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Wastewater Project of the Year

For the wastewater treatment plant, commissioned during 2015, that shows the greatest innovation in terms of optimising its physical or environmental footprint.

Strategic Tunnel Enhancement Programme, Abu Dhabi

What is it?

A tunnelling and sewerage project to connect Abu Dhabi city with the new wastewater treatment facilities at Wathba. The project involves the construction of a 41km deep sewer tunnel and 45km of link sewers, in addition to a major terminal pumping station. It is designed to transport average flows of 22m3/s (1.9 million m3/d) and peak flows of 39m3/s (3.4 million m3/d) to accommodate population growth up to 2030.

Who is responsible?

The Abu Dhabi Sewerage Services Company hired CH2M as programme manager to execute the AED6 billion (US$1.6 billion) project, with the deep tunnel works contracts delivered on time and on budget by Impregilo and Samsung C&T Corporation. The pumping station was designed by Mott MacDonald and built by Odebrecht.

What makes it special?

The massive tunnel project makes up part of Plan Abu Dhabi 2030, an urban development project. It is a deep gravity system which channels sewage from Abu Dhabi island through massive tunnels, helping to reduce odour and the chances of overflow during times of flash flooding. The ability to handle such immense volumes of wastewater is crucial to Abu Dhabi’s target of achieving 100% wastewater reuse by 2018.

The programme sets a new benchmark for the region, and minimised environmental impact and disruptions to the community through the use of trenchless technology and mechanised deep tunnelling techniques. The terminal pumping station is the largest of its kind in the world, and will allow 35 existing pumping stations to be decommissioned, freeing up valuable land for development.


Designed for a maintenance-free 100-year lifecycle, the new system will improve reliability, reduce operating costs, and mitigate CO2 emissions. Delivering the major portions of such a monumental project on time was testament to the team’s dedication, and all that remains now is local link connections before the STEP project can begin to transform Abu Dhabi’s wastewater handling abilities.


Hong Kong Integrated Wastewater and Sludge Management

What is it?

Stage 2A of the Harbour Area Treatment Scheme (HATS) comprises the construction of sewage conveyance systems, the upgrading of the Stonecutters Island Sewage Treatment Works (SCISTW), and the upgrading of eight preliminary treatment works on Hong Kong Island, increasing treatment capacity to 2.4 million m³/d. This coincides with the commissioning of the world’s largest sludge treatment facility (2,000 tonnes/day) in Tsang Tsui.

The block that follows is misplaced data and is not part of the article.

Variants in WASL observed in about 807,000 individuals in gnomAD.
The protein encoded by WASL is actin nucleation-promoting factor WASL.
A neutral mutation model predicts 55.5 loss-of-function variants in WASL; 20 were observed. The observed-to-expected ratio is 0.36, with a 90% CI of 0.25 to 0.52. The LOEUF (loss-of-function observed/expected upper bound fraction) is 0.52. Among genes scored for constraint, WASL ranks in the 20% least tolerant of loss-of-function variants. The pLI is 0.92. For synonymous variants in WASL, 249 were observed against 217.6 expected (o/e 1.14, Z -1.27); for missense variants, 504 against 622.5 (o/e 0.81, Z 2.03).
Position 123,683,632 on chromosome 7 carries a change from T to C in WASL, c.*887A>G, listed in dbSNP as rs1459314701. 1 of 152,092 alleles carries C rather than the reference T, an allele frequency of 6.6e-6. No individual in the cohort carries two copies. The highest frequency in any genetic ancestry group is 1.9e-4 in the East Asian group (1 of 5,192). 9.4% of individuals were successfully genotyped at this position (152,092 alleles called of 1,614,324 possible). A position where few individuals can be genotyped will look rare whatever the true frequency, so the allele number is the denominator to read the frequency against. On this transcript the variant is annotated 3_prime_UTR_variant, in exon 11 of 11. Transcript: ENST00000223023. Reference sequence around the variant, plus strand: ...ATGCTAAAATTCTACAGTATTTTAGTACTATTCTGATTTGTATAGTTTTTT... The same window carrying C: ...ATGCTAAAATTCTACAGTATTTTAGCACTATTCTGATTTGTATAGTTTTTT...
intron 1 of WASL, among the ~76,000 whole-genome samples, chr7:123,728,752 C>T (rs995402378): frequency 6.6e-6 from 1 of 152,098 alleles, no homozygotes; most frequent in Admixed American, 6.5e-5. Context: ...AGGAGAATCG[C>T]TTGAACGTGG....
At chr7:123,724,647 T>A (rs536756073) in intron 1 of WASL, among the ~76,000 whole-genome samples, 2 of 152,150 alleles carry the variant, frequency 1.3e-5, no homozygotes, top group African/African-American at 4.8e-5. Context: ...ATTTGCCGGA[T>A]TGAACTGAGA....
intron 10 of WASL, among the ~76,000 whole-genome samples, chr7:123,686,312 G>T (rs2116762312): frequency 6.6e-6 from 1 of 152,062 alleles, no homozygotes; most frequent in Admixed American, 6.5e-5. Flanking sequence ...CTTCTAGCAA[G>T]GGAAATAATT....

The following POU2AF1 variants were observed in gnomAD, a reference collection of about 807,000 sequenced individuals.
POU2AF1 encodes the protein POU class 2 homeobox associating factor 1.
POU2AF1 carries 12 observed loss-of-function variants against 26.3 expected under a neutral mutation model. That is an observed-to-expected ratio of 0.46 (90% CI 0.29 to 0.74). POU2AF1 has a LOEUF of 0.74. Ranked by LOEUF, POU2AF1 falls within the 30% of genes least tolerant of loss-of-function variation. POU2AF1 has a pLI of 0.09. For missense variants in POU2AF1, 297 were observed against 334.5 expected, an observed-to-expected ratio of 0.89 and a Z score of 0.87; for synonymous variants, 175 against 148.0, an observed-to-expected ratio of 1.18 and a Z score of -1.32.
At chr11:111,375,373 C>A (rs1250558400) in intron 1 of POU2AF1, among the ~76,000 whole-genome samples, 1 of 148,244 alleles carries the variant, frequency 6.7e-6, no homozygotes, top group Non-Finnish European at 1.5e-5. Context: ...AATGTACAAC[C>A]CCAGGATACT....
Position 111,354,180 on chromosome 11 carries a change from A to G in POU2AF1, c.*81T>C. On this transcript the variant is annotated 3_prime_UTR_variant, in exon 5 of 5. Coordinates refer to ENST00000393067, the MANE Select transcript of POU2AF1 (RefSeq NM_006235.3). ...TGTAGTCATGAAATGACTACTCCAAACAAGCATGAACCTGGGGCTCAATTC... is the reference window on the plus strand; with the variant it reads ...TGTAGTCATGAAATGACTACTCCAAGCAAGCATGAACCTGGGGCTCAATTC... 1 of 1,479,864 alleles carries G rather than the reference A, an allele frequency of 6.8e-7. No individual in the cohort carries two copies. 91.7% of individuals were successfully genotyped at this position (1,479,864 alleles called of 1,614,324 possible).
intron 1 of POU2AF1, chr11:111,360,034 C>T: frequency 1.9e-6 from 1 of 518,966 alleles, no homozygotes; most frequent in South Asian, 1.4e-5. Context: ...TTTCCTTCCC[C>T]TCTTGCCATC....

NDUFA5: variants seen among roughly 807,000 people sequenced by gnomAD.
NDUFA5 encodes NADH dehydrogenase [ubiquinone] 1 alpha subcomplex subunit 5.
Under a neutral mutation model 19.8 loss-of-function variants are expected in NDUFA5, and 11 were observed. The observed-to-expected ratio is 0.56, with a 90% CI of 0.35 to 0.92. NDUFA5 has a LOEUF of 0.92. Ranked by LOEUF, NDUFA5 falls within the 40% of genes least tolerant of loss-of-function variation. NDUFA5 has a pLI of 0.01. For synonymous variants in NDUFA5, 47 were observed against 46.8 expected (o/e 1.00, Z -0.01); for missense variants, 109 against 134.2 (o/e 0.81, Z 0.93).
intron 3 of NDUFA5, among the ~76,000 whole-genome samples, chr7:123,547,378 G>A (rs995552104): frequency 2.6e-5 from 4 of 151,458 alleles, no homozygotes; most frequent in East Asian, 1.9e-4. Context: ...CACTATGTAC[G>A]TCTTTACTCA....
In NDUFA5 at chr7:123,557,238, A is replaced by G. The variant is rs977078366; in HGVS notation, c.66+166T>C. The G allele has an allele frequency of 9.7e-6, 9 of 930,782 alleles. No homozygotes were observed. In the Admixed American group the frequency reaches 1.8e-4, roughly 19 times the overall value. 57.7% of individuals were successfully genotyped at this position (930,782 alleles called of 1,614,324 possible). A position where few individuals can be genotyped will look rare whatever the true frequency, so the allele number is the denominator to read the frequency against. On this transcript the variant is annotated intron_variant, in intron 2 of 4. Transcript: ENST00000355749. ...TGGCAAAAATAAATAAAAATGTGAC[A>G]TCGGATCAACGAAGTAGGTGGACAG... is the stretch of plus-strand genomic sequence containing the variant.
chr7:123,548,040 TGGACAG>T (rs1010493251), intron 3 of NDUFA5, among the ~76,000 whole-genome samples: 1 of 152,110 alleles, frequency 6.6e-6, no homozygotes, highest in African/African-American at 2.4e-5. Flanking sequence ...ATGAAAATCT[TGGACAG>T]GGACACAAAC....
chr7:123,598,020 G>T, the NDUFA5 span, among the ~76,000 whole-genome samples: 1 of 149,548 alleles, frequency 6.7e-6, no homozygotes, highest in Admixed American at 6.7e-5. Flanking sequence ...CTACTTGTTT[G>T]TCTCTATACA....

Who is responsible?

HATS 2A was implemented by the Drainage Services Department (DSD), with Arup acting as consultant. A Biwater-led team completed the upgrade of the SCISTW – which features one of the world’s largest underground sewage pumping stations – while the Environmental Protection Department (EPD) appointed a Veolia/Leighton/John Holland consortium to design and build the STF.

What makes it special?

“Hong Kong” in Chinese literally means “fragrant port”, but the stench from the coastal waters of Victoria Harbour was threatening to deprive the city of its identity. HATS is an initiative to improve the quality of water in the harbour area, and the completion of stage 2A means that all sewage generated by five million residents either side of the Victoria harbour will be sent for treatment, instead of being discharged directly into the sea.

On its own, HATS would have solved one problem whilst creating another, by putting pressure on limited landfill space with the greater amount of sludge generated. The thermal-based STF plays a key part in the solution by incinerating the sludge to generate heat, which then drives a steam turbine to generate power, with any surplus being directed to the grid.


The water quality in Victoria Harbour has improved markedly, as has the quality of life for Hong Kong’s residents. Beaches have reopened, and recreational water activities – previously halted due to pollution – have resumed. The neat dovetailing of the numerous infrastructure components reflects a uniquely holistic and forward-thinking approach to municipal wastewater and environmental management.

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